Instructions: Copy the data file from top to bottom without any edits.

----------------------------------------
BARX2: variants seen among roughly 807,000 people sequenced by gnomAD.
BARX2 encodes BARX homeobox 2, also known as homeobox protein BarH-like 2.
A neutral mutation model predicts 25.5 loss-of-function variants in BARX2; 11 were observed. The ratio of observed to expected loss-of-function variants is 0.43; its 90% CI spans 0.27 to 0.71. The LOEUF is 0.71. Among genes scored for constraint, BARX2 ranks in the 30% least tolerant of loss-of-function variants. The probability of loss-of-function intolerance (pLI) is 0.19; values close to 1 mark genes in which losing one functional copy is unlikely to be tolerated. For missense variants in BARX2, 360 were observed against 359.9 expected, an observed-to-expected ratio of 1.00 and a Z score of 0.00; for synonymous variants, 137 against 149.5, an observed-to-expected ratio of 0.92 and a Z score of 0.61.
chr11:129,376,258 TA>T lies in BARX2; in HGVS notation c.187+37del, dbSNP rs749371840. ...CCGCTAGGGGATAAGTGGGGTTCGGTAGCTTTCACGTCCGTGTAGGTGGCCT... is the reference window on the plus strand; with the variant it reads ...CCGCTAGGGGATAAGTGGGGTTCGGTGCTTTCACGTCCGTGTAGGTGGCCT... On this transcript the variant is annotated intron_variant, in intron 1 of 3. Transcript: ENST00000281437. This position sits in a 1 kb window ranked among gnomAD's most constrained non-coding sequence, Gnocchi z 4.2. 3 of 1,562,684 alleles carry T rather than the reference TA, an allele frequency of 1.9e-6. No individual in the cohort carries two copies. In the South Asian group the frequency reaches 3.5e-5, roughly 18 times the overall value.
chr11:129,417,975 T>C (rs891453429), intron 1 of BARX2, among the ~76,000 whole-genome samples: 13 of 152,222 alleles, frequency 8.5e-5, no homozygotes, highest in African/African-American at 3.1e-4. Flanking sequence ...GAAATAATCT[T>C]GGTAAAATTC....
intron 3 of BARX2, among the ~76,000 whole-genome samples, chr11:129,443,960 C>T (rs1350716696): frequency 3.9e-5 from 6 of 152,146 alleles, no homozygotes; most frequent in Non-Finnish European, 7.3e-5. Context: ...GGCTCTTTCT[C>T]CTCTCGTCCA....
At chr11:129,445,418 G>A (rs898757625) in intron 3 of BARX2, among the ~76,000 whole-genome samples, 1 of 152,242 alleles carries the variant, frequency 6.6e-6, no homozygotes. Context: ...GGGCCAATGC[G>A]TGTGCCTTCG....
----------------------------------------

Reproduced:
BARX2: variants seen among roughly 807,000 people sequenced by gnomAD.
BARX2 encodes BARX homeobox 2, also known as homeobox protein BarH-like 2.
A neutral mutation model predicts 25.5 loss-of-function variants in BARX2; 11 were observed. The ratio of observed to expected loss-of-function variants is 0.43; its 90% CI spans 0.27 to 0.71. The LOEUF is 0.71. Among genes scored for constraint, BARX2 ranks in the 30% least tolerant of loss-of-function variants. The probability of loss-of-function intolerance (pLI) is 0.19; values close to 1 mark genes in which losing one functional copy is unlikely to be tolerated. For missense variants in BARX2, 360 were observed against 359.9 expected, an observed-to-expected ratio of 1.00 and a Z score of 0.00; for synonymous variants, 137 against 149.5, an observed-to-expected ratio of 0.92 and a Z score of 0.61.
chr11:129,376,258 TA>T lies in BARX2; in HGVS notation c.187+37del, dbSNP rs749371840. ...CCGCTAGGGGATAAGTGGGGTTCGGTAGCTTTCACGTCCGTGTAGGTGGCCT... is the reference window on the plus strand; with the variant it reads ...CCGCTAGGGGATAAGTGGGGTTCGGTGCTTTCACGTCCGTGTAGGTGGCCT... On this transcript the variant is annotated intron_variant, in intron 1 of 3. Transcript: ENST00000281437. This position sits in a 1 kb window ranked among gnomAD's most constrained non-coding sequence, Gnocchi z 4.2. 3 of 1,562,684 alleles carry T rather than the reference TA, an allele frequency of 1.9e-6. No individual in the cohort carries two copies. In the South Asian group the frequency reaches 3.5e-5, roughly 18 times the overall value.
chr11:129,417,975 T>C (rs891453429), intron 1 of BARX2, among the ~76,000 whole-genome samples: 13 of 152,222 alleles, frequency 8.5e-5, no homozygotes, highest in African/African-American at 3.1e-4. Flanking sequence ...GAAATAATCT[T>C]GGTAAAATTC....
intron 3 of BARX2, among the ~76,000 whole-genome samples, chr11:129,443,960 C>T (rs1350716696): frequency 3.9e-5 from 6 of 152,146 alleles, no homozygotes; most frequent in Non-Finnish European, 7.3e-5. Context: ...GGCTCTTTCT[C>T]CTCTCGTCCA....
At chr11:129,445,418 G>A (rs898757625) in intron 3 of BARX2, among the ~76,000 whole-genome samples, 1 of 152,242 alleles carries the variant, frequency 6.6e-6, no homozygotes. Context: ...GGGCCAATGC[G>A]TGTGCCTTCG....